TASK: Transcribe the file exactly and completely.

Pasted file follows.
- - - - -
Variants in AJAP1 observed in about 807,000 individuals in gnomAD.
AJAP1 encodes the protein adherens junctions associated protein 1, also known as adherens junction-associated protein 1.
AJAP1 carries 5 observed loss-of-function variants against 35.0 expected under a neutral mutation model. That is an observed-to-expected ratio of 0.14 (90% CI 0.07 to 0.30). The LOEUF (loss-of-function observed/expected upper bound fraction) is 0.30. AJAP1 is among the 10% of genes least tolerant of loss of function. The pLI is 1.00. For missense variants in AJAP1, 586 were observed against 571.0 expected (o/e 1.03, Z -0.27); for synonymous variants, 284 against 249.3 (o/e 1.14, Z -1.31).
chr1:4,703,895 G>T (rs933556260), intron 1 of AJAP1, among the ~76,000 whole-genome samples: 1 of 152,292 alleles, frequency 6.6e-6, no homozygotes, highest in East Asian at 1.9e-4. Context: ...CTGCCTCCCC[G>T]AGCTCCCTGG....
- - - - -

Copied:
Variants in AJAP1 observed in about 807,000 individuals in gnomAD.
AJAP1 encodes the protein adherens junctions associated protein 1, also known as adherens junction-associated protein 1.
AJAP1 carries 5 observed loss-of-function variants against 35.0 expected under a neutral mutation model. That is an observed-to-expected ratio of 0.14 (90% CI 0.07 to 0.30). The LOEUF (loss-of-function observed/expected upper bound fraction) is 0.30. AJAP1 is among the 10% of genes least tolerant of loss of function. The pLI is 1.00. For missense variants in AJAP1, 586 were observed against 571.0 expected (o/e 1.03, Z -0.27); for synonymous variants, 284 against 249.3 (o/e 1.14, Z -1.31).
chr1:4,703,895 G>T (rs933556260), intron 1 of AJAP1, among the ~76,000 whole-genome samples: 1 of 152,292 alleles, frequency 6.6e-6, no homozygotes, highest in East Asian at 1.9e-4. Context: ...CTGCCTCCCC[G>T]AGCTCCCTGG....